So my questions are:

Is my pH really “very low”? It is my understanding that the optimal soil pH for most grape varieties is 5.5 to 6.5, and as such, I’m not quite sure why my pH at 5.3 is considered “very low”.

How should amendments be worked into the soil? They mention broadcasting, but not quite sure if it should also be worked deeper?

How should soil amendment be timed with respect to a target planting of test vines next spring?

Should I re-test the soil prior to planting to ensure the amendments have resulted in the target values?

One idea I was considering to enhance sun exposure to the vines is to stagger them with respect of one row to another (so that the vines won’t be side by side in a row, but rather staggered. Are there any issues with this approach?

Sorry to be so long winded, and I appreciate any advice (or be pointed in the right direction to further research). I have home brewed before, and plan to use the time between now and the time my own vines are <hopefully> productive, to make wine starting with kits and working to fresh grapes. At any rate, it has been exciting to plan this, and I hope I can implement it as best as possible.

Many Thanks, and Cheers!

What is growing in the area where you plan to plant the vines? Does the soil have healthy growth currently? I would say break the vine area into a 1000 or 2000 square foot area or areas. Then break down your acre nutrient recommendations to a 1000 k level. About the best you can do is till it in now as best as your able and then do an annual soil test. The Boron and other micro nutrients shouldn't be passed over. You can use something like Milorganite as a carrier, and blend the (20 mule team Borax) micros into the fertilizer. Then apply with a lawn broadcast spreader. Best to lightly spritz the fertilizer before you mix in the micros. Some of the micros you might be better applying monthly throughout the growing season.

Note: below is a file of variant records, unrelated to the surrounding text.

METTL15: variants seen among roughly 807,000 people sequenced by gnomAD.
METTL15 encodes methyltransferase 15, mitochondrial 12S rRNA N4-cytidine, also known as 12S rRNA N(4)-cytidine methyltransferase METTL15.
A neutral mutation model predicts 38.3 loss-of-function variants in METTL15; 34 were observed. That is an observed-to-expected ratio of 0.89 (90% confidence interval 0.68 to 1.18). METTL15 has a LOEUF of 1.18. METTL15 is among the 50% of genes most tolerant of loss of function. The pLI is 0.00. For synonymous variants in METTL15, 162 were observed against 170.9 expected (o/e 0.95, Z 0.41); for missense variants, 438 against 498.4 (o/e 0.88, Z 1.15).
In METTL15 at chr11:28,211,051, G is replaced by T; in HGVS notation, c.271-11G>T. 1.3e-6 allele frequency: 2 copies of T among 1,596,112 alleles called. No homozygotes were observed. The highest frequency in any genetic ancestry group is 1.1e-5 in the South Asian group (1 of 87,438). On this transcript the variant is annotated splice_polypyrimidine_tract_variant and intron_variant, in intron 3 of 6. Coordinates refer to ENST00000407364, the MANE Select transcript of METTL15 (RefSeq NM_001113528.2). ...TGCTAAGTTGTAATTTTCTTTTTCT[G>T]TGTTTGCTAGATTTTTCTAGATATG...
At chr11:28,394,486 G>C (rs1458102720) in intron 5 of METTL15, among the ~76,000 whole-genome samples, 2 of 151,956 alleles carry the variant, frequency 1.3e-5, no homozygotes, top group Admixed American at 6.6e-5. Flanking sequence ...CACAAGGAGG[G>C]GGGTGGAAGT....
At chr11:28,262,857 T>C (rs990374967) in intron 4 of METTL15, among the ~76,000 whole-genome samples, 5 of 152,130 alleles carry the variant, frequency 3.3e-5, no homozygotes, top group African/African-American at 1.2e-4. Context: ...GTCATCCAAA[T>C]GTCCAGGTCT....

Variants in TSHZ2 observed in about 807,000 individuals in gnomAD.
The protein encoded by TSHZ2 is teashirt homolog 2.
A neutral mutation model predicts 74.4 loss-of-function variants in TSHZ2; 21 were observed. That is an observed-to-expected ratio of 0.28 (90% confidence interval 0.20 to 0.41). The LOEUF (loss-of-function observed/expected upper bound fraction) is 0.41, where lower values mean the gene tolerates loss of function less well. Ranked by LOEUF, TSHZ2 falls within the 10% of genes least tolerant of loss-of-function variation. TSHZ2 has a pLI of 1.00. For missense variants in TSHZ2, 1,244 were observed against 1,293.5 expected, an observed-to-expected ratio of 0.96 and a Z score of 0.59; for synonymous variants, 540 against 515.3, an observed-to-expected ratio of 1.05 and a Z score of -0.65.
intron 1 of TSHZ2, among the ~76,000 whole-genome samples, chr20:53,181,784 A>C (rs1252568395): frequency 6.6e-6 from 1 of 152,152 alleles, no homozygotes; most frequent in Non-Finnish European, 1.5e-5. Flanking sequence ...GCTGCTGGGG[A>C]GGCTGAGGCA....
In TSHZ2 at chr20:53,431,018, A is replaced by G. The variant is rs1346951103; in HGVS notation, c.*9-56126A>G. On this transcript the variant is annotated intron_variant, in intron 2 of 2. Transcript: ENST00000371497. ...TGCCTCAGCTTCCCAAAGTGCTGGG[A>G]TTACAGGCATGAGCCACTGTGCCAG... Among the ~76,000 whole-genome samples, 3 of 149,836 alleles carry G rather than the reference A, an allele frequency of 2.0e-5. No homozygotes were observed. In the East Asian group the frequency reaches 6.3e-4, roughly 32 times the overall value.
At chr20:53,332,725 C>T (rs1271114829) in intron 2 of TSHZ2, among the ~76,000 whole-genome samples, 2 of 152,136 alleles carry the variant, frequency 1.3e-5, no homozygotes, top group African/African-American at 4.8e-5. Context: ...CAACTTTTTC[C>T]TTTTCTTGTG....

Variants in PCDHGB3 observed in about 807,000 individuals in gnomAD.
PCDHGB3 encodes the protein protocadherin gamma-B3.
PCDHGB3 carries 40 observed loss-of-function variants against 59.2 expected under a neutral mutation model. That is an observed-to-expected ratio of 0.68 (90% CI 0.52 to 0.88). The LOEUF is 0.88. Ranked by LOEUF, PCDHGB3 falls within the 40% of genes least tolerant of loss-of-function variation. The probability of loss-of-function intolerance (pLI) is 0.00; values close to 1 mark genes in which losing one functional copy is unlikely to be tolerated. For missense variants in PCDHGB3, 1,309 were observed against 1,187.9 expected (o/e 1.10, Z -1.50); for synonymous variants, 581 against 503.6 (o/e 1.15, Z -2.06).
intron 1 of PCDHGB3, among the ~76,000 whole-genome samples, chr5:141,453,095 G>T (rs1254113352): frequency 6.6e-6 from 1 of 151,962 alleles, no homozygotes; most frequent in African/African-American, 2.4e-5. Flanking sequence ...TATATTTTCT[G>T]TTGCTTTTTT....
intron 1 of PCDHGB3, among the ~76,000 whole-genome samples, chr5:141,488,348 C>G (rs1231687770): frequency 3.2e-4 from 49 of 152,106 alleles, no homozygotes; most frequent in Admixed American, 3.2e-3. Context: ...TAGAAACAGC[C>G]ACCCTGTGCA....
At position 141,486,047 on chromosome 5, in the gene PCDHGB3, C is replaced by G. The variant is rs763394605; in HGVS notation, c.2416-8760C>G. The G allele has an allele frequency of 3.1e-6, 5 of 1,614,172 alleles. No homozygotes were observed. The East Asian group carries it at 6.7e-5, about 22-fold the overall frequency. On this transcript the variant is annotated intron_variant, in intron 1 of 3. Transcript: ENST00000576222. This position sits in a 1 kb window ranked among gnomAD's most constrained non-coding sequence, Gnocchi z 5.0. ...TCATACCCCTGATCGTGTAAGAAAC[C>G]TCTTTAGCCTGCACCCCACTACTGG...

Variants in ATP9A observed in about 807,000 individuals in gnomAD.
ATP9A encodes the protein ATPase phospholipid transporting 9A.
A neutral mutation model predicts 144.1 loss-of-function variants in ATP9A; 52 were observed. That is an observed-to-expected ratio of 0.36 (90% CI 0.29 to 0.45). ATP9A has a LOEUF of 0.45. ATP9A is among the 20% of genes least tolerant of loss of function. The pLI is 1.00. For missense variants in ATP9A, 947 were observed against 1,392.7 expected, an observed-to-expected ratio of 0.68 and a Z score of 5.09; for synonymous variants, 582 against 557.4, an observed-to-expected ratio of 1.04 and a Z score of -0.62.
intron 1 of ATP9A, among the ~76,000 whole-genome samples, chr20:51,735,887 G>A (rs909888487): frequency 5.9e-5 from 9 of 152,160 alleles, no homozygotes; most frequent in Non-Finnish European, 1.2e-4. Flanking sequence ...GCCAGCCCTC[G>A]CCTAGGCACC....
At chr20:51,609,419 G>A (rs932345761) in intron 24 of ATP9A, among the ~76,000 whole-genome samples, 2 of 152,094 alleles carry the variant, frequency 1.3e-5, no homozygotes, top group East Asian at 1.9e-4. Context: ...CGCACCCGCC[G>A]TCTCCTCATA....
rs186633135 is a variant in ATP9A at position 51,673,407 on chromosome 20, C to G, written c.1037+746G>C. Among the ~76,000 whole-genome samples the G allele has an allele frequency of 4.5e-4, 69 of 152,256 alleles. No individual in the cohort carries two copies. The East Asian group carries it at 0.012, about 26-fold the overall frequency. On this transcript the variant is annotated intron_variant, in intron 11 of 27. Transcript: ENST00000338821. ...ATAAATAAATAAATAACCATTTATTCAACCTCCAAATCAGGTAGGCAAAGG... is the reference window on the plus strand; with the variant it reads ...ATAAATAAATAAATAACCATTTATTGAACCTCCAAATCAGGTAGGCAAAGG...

No matter how you treat the soil now, you are dealing with tons and tons of material. Deficiencies might easily show up later and it could be helpful to do petiole analysis down the road and apply nutrients foliar. Say hello to agriculture, on a micro scale.
I am brand new myself although my approach is less ambitious on the time scale but I'm using some natives as test mules to get experience dealing with pest and whatnot. It is my understanding that 5.5-6.5 is a range and the tastier mountain dwelling grapes are on the high side of the range whereas the lower elevation forest/river dwelling grapes are on the lower more acidic side.

Also a difference between tolerated and preferred too. I may have to link up with you if that's ok, I have a few different native soil types I'm experimenting with.

Most recent is a high sand content mix. While it was not considered at first it seems the pest find the media unfavorable(minus the Japanese beetles).